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Law Can't Create Caste Hatred, Must Protect All: SC Rules Out Automatic FIR, Arrest in SC/ST Act

A bench of the Supreme Court held there is a need to provide for safeguards against registration of FIRs and arrests under the Scheduled Caste and Scheduled Tribe (Prevention of Atrocities) Act in view of instances of misuse, as observed in the last three decades, and to protect the liberty of others.

Utkarsh Anand | CNN-News18

Updated:March 21, 2018, 9:01 AM IST
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Law Can't Create Caste Hatred, Must Protect All: SC Rules Out Automatic FIR, Arrest in SC/ST Act
File photo of the Supreme Court of India.
New Delhi: Underlining that "law should not result in caste hatred", the Supreme Court on Tuesday ruled out automatic registration of FIR and arrest in complaint under SC/ST Act.

A bench of Justices Adarsh K Goel and Uday U Lalit held there is a need to provide for safeguards against registration of FIRs and arrests under the SC/ST (Prevention of Atrocities) Act in view of instances of misuse, as observed in the last three decades, and to protect the liberty of others.

"The underprivileged need to be protected against any atrocities to give effect to the Constitutional ideals. The Atrocities Act has been enacted with this objective. At the same time, the said Act cannot be converted into a charter for exploitation or oppression by any unscrupulous person or by police for extraneous reasons against other citizens," maintained the bench.

The court noted that harassment of an innocent citizen, irrespective of caste or religion, is against the guarantee of the Constitution and that the SC must enforce such a guarantee.

The bench made it mandatory for the police to conduct a preliminary investigation, not exceeding a week, to arrive at a decision whether an FIR deserves to be registered under the parameters of the Atrocities Act.

"We are of the view that cases under the Atrocities Act also fall in exceptional category where preliminary inquiry must be held," said the court. It added that even if an FIR is lodged, the accused will not be arrested automatically.

"There is need to safeguard innocent citizens against false implication and unnecessary arrest," said the judges, as they laid down that arrest is not at all mandatory in cases under SC/ST Act.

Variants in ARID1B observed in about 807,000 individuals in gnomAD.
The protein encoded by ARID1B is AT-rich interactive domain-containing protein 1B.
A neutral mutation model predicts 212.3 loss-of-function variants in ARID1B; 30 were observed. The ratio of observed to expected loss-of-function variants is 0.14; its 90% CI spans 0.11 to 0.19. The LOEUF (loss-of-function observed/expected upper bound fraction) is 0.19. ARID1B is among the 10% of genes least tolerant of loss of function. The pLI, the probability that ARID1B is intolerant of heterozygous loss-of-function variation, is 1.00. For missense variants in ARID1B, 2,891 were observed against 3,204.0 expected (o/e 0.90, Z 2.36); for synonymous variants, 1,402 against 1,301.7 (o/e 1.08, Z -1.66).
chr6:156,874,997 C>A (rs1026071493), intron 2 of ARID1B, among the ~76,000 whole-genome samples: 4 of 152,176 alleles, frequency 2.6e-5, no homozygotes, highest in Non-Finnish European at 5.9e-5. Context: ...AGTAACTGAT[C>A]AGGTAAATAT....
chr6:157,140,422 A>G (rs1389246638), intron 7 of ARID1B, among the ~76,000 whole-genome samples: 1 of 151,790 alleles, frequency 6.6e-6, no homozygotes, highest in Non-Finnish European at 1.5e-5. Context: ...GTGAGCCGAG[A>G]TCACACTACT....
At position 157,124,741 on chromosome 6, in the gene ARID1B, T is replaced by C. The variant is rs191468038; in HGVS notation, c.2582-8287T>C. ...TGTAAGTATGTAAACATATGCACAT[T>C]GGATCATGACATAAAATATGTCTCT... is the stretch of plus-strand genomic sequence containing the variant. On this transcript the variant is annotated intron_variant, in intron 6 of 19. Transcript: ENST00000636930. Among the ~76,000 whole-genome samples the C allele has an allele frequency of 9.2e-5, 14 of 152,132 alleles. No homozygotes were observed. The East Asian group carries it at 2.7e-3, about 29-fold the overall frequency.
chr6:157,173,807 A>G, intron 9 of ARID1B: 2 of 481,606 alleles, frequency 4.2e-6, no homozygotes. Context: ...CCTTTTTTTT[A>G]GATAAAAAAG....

For a public servant, the Court said, permission of the appointing authority will be a must to make arrest whereas for others, written permission of the Senior Superintendent of Police or DSP will be necessary.

"Such permissions must be granted for recorded reasons which must be served on the person to be arrested and to the concerned court," said the bench, adding as and when a person arrested is produced before the judge, it will be examined if further detention is required.

The court also interpreted Section 18 of the Act, and ruled there cannot be any absolute bar against granting anticipatory bail in such cases. It held that a person is entitled to get a pre-arrest bail if it can be prima facie shown that allegations are false, fabricated and motivated.

"Liberty of one citizen cannot be placed at the whim of another. Law has to protect the innocent and punish the guilty. Thus considered, exclusion has to be applied to genuine cases and not to false ones. This will help in achieving the object of the law," said the Court.

Innocent citizens are termed as accused, which is not intended by the legislature, said the Court, emphasising the legislature never intended to use
the Atrocities Act as an instrument to blackmail or to wreak personal vengeance.

"We have already noted the working of the Act in the last three decades. It has been judicially acknowledged that there are instances of abuse of the Act by vested interests against political opponents in Panchayat, Municipal or other elections, to settle private civil disputes arising out of property, monetary disputes, employment disputes and seniority disputes. It may be noticed that by way of rampant misuse complaints are ‘largely being filed particularly against Public Servants/quasi judicial/judicial officers with oblique motive for satisfaction of vested interests", lamented the bench.

The top court asserted that the Atrocities Act should promote constitutional values of fraternity and integration of the society.

"This may require check on false implications of innocent citizens on caste lines. It is necessary to express concern that working of the Atrocities Act should not result in perpetuating casteism which can have an adverse impact on integration of the society and the constitutional values," said the bench.

It highlighted that irrespective of caste or religion, the Constitution guarantees equality in its preamble as well as other provisions." The Constitution envisages a cohesive, unified and casteless society, " said the bench.

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| Edited by: Ahona Sengupta
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